We have dodged a couple of storms so far and I am happy about that, but I wonder whether some of my friends who’ve moved here recently understand how lucky we were. We geared up for disaster and it turned out to be much ado about nothing. It was a tempest in a teapot. I do not blame them too much. It took Katrina for me to evacuate and we took clothes for a weekend.
When I returned from exile in 2005, I started looking for restaurants that had reopened. In the early days it was slim pickings. So many places were destroyed and too many of those places never reopened. I took pictures and wrote about the places that had come back and reported on the places that didn’t.
There was a time I thought our restaurants would never really come back, but then we actually added restaurants to the number we’d had before the levee failures. It was amazing and I still don’t know how it happened, but I fear it won’t happen this time. Not least because this crisis is not limited to a specific region or to singular events like a hurricane or an earthquake or a wildfire. This time the problem is global, and we have to rely on ourselves to pull through.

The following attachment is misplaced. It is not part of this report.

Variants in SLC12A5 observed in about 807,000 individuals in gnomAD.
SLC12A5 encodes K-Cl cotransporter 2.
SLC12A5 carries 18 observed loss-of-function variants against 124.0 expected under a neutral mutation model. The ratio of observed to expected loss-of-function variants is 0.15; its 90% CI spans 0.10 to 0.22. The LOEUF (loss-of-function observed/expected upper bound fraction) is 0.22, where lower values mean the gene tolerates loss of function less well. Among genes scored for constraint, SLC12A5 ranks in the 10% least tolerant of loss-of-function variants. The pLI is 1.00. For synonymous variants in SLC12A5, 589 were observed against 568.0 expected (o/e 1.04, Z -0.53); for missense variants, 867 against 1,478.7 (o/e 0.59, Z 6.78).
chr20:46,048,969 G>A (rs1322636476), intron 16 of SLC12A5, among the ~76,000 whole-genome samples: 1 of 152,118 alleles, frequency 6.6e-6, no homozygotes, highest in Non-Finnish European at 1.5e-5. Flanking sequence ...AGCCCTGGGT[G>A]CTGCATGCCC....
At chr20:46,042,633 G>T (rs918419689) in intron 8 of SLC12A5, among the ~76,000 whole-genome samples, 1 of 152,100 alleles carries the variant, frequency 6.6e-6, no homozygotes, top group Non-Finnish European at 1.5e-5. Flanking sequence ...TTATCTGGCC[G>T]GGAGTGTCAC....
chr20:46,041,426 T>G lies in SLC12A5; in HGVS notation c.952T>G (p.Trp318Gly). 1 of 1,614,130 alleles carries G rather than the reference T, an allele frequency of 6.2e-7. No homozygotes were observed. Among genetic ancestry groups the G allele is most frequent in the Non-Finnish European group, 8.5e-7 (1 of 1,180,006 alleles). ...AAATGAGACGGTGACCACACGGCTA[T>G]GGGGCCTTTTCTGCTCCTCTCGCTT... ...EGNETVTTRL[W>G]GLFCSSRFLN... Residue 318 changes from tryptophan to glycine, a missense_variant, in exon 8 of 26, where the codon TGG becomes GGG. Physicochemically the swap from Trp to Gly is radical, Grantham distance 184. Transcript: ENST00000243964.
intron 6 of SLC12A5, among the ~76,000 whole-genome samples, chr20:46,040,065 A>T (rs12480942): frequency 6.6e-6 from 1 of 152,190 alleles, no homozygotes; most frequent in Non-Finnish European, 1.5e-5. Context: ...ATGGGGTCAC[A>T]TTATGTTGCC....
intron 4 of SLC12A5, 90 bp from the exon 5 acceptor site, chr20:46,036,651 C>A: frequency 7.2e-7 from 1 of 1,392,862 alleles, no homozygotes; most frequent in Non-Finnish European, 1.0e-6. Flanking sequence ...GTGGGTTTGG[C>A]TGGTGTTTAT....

I am no longer concerned about our restaurants or our food culture surviving. I have come to accept that New Orleans is an essential city, and not just because we are located at the mouth of the Mississippi river. We are unlike any place else, and we’re essential for that reason alone.
After Katrina there were a number of restaurants who stepped up to serve food to people who were here trying to rebuild the city. This was a natural thing because restaurants exist to serve people, and that’s what they did. In most cases, they served those meals without any thought about the cost or hope of reimbursement.
We relied on that spirit when we started Chef’s Brigade, because we were raising money even as we were signing restaurants up to serve food. We ended up raising enough money to serve meals for a month and a half, and through our participation in the City’s Mass Feeding Initiative we’ve served close to a half million meals cooked by local restaurants to residents of New Orleans.hau
What this shows is that you don’t need a big corporation to come in after a disaster and hand out MREs for weeks at a time. Local restaurants can produce all of the food needed and they can do it efficiently. There are logistical hurdles involved, but they’re not insurmountable and the benefits – to everyone – are worth the work.